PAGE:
Active vs passive investing – what you need to know

The objective of any investment manager is to generate strong returns relative to the level of risk they are taking within the portfolio. Investors should understand how these returns can be generated, how consistent they might be, and how much it costs to invest.

Defining return is relatively straightforward with most managers looking to generate either:


  • Absolute returns – positive returns over every period; or
  • Relative returns – positive returns relative to a market index. For example, the FTSE 100, a peer group of other managers such as the ARC index of UK wealth managers or an economic index such as CPI inflation.


Risk is a little harder to define and can mean different things to different investors. However, it is generally measured by the level of volatility in portfolio values or the size of portfolio peak to trough falls when markets have dropped.


Other objectives, such as a target level of income, and restrictions (for example, socially responsible investing principles) may be overlayed to the risk and return targets to define the overall investment mandate.


Investment processes


Once an investment manager knows the level of return or risk that is being targeted and the overall investment mandate, they can then try and optimise their investment process to achieve the most return for the given level of risk, or vice versa, to define the minimum risk required for a given return target.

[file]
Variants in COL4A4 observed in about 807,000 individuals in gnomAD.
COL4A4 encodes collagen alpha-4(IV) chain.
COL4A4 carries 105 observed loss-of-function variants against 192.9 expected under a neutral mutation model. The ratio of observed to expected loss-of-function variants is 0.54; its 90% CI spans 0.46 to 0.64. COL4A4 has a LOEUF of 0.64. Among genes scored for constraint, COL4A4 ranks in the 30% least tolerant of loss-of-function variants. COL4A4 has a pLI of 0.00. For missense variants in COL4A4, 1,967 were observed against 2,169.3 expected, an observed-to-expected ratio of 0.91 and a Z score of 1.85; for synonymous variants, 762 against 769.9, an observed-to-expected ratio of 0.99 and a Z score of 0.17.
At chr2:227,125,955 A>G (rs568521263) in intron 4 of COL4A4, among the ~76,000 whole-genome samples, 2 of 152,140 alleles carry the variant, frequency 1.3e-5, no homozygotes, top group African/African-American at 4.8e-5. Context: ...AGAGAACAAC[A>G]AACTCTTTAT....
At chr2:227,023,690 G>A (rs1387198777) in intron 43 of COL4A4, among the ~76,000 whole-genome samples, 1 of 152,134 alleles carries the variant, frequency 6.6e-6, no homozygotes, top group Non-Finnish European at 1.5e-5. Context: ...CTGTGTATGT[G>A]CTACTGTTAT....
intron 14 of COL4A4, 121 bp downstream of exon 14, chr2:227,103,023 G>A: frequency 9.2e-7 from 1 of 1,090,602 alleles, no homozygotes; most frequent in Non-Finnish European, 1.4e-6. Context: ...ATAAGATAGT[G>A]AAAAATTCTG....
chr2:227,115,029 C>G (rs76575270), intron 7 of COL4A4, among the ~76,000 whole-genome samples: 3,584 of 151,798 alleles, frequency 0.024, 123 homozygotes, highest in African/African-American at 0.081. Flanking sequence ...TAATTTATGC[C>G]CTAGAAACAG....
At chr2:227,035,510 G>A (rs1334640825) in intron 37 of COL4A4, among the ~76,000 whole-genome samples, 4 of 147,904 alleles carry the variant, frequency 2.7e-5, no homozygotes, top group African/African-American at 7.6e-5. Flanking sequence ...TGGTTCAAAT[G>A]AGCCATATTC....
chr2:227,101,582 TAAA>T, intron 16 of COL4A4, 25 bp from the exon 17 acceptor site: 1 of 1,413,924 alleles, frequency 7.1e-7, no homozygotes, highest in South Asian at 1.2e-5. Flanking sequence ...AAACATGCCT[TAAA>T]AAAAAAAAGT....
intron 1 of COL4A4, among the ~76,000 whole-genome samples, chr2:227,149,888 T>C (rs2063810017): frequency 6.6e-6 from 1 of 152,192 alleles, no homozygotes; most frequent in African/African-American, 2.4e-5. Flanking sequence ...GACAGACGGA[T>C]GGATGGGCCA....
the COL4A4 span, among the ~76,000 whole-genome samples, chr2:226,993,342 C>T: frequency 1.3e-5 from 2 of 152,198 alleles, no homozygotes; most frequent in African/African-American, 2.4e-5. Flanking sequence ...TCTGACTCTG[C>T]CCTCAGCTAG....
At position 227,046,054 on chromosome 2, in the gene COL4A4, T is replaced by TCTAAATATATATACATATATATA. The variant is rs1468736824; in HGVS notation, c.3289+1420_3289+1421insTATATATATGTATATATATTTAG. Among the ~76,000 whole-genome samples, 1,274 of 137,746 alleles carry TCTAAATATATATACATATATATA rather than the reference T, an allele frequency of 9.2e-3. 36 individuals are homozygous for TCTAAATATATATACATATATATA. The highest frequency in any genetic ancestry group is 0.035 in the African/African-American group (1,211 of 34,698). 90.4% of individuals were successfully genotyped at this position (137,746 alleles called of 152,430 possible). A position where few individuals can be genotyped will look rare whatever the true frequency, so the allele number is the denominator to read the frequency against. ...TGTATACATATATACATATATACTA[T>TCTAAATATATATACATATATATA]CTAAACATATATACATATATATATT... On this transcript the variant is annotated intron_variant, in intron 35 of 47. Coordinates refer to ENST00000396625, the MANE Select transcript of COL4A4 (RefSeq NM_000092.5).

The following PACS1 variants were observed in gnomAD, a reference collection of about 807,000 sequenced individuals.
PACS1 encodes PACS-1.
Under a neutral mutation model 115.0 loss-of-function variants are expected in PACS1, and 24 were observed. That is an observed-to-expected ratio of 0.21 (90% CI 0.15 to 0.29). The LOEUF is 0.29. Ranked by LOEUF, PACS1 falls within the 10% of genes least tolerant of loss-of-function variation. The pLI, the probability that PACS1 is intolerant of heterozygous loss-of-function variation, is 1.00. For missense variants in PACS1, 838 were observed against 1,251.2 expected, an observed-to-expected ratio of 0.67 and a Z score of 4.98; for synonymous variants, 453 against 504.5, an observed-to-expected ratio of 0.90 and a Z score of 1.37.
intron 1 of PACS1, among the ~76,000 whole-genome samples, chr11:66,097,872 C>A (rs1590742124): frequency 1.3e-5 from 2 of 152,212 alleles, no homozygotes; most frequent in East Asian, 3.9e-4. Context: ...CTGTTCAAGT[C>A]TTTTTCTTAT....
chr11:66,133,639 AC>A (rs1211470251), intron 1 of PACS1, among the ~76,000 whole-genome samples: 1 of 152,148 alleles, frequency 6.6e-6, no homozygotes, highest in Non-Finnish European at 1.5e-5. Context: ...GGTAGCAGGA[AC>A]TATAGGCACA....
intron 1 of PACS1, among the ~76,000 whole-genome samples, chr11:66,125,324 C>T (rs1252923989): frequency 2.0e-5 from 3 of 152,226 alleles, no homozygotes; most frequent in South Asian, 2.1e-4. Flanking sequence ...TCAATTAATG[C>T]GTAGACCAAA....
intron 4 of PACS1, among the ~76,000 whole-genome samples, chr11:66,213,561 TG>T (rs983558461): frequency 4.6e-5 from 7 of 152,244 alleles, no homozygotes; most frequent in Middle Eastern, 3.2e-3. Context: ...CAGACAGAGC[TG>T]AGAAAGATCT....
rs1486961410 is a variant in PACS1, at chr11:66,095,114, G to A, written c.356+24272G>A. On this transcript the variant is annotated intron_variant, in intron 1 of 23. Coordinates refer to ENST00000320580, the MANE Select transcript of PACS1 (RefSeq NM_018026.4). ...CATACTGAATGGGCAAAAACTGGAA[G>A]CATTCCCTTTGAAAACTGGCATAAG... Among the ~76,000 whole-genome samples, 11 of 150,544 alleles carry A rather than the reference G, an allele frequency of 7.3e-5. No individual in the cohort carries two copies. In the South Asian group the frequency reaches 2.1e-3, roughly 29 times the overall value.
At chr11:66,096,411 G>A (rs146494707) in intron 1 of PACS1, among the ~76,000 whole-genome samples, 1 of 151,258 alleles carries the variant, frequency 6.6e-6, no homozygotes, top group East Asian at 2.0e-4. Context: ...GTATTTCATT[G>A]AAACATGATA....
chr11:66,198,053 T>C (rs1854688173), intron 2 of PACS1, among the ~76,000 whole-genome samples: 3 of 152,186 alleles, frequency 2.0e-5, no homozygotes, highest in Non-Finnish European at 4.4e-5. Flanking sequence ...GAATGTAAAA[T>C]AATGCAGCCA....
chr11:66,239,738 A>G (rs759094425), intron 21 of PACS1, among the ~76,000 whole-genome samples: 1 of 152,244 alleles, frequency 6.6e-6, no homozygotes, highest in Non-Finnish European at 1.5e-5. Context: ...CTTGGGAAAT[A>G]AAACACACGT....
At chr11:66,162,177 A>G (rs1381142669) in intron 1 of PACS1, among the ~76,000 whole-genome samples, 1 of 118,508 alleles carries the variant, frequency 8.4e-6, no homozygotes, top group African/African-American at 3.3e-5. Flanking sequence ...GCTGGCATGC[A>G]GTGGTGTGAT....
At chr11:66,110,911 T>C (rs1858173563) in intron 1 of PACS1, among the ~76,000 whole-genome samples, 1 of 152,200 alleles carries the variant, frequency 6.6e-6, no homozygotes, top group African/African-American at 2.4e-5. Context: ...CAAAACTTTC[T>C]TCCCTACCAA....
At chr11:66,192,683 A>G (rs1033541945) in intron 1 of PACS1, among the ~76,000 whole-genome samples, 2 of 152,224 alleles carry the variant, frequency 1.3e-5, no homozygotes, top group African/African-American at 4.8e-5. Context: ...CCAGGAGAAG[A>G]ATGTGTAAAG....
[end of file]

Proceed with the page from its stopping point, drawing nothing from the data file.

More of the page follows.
Managers pursue numerous different investment approaches, however, most wealth management firms follow a process that involves some elements of the following:


Strategic asset allocations – choosing the starting point for allocations (the percentage of money invested) to different asset classes such as fixed income, equities and currencies.


Tactical asset allocations – shorter-term adjustments to portfolio allocations to either take advantage of a perceived return opportunity or protect against a potential risk.


Instrument selection – choosing which funds, stocks or bonds to hold in the portfolio to achieve the desired strategic and tactical allocations. For example, to benefit from the potential of the UK stock market a manager could buy an active fund, a passive (tracking) exchange traded fund (ETF) or individual company shares.


Active and passive investment approaches


How managers decide to populate their portfolios and the emphasis they place on each of the areas mentioned above will define their investment approach. Irrespective of the exact investment process, managers will likely either follow a passive, active or combined approach to investing.